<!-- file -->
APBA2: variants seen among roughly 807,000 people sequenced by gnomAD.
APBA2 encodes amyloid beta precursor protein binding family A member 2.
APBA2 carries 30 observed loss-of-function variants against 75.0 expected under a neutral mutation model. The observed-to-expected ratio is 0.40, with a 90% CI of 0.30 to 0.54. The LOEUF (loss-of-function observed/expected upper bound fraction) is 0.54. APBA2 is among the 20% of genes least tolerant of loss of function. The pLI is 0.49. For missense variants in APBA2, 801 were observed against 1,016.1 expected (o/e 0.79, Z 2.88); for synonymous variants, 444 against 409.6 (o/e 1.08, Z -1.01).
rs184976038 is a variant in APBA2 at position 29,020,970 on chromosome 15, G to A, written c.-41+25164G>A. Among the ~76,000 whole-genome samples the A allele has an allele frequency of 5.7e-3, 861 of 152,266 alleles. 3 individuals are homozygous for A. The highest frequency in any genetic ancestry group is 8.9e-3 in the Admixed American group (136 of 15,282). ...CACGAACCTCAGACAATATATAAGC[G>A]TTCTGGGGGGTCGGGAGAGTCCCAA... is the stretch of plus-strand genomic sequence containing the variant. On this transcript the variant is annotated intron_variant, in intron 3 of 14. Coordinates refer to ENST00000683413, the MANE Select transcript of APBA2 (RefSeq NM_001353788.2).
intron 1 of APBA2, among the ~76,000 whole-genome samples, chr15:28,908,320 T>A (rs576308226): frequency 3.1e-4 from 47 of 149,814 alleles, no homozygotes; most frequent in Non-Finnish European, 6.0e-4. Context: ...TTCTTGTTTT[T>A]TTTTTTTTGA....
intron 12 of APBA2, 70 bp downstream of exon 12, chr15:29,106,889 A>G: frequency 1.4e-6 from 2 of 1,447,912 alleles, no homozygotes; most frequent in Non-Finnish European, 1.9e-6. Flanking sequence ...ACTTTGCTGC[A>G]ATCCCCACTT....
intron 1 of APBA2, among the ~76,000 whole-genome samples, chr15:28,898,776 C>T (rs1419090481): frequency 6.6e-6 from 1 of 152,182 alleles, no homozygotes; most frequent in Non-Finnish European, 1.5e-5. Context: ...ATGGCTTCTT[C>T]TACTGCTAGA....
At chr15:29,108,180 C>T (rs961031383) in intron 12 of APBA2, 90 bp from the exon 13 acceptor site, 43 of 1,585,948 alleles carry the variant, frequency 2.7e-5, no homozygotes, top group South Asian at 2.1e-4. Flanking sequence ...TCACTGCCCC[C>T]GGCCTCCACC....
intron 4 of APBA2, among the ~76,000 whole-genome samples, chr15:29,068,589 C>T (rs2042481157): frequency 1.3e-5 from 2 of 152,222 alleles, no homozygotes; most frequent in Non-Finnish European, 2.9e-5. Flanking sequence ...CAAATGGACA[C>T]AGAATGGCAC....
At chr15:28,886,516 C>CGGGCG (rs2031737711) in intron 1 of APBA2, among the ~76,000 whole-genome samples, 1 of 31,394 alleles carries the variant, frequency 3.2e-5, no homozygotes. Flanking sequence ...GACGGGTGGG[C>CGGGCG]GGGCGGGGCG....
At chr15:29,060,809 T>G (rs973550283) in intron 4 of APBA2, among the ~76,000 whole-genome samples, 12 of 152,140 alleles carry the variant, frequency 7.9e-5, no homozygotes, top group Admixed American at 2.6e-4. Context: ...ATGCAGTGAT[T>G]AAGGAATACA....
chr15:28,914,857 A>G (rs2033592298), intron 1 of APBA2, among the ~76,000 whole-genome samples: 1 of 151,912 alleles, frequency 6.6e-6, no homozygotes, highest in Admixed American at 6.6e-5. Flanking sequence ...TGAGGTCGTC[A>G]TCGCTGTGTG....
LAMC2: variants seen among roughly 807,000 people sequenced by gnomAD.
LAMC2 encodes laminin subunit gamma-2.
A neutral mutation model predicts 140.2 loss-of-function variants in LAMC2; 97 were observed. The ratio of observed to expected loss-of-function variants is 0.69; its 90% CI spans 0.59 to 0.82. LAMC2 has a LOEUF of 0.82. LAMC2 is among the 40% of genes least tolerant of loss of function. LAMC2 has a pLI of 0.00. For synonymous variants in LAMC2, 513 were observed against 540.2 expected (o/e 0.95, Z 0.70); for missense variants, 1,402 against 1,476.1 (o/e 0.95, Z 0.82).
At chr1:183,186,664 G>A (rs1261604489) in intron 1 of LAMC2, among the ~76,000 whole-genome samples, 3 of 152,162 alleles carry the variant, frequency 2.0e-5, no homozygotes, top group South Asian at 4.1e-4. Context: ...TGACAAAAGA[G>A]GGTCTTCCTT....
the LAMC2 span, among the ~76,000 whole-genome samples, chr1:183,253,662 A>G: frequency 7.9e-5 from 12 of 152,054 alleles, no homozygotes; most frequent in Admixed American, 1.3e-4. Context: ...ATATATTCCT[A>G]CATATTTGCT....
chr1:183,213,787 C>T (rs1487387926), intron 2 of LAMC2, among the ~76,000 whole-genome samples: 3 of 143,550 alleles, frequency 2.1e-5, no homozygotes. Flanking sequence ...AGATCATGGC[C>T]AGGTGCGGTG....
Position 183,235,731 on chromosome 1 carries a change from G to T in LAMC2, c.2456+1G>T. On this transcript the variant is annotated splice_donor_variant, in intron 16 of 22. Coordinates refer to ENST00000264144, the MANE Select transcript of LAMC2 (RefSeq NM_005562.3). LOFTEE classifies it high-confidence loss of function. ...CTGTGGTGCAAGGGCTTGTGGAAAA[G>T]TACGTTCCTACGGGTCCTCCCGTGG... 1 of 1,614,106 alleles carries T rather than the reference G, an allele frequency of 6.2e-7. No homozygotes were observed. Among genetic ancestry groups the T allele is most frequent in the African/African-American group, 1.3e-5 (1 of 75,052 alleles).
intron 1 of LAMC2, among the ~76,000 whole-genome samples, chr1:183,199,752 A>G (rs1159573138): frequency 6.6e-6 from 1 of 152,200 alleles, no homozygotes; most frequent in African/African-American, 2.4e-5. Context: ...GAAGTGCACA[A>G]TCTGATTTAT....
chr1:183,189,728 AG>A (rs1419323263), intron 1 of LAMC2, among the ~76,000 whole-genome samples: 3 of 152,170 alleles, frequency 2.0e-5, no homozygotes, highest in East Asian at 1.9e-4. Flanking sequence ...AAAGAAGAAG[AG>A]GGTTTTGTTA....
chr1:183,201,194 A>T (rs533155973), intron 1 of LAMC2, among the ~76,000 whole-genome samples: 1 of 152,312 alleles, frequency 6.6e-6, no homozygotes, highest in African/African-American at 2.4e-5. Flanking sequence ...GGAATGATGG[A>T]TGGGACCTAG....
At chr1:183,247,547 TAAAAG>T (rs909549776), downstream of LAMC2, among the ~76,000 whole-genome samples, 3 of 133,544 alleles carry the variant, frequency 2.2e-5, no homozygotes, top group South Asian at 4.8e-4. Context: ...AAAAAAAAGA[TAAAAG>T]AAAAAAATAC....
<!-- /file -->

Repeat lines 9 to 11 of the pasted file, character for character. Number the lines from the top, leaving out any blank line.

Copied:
intron 4 of APBA2, among the ~76,000 whole-genome samples, chr15:29,068,589 C>T (rs2042481157): frequency 1.3e-5 from 2 of 152,222 alleles, no homozygotes; most frequent in Non-Finnish European, 2.9e-5. Flanking sequence ...CAAATGGACA[C>T]AGAATGGCAC....
At chr15:28,886,516 C>CGGGCG (rs2031737711) in intron 1 of APBA2, among the ~76,000 whole-genome samples, 1 of 31,394 alleles carries the variant, frequency 3.2e-5, no homozygotes. Flanking sequence ...GACGGGTGGG[C>CGGGCG]GGGCGGGGCG....
At chr15:29,060,809 T>G (rs973550283) in intron 4 of APBA2, among the ~76,000 whole-genome samples, 12 of 152,140 alleles carry the variant, frequency 7.9e-5, no homozygotes, top group Admixed American at 2.6e-4. Context: ...ATGCAGTGAT[T>G]AAGGAATACA....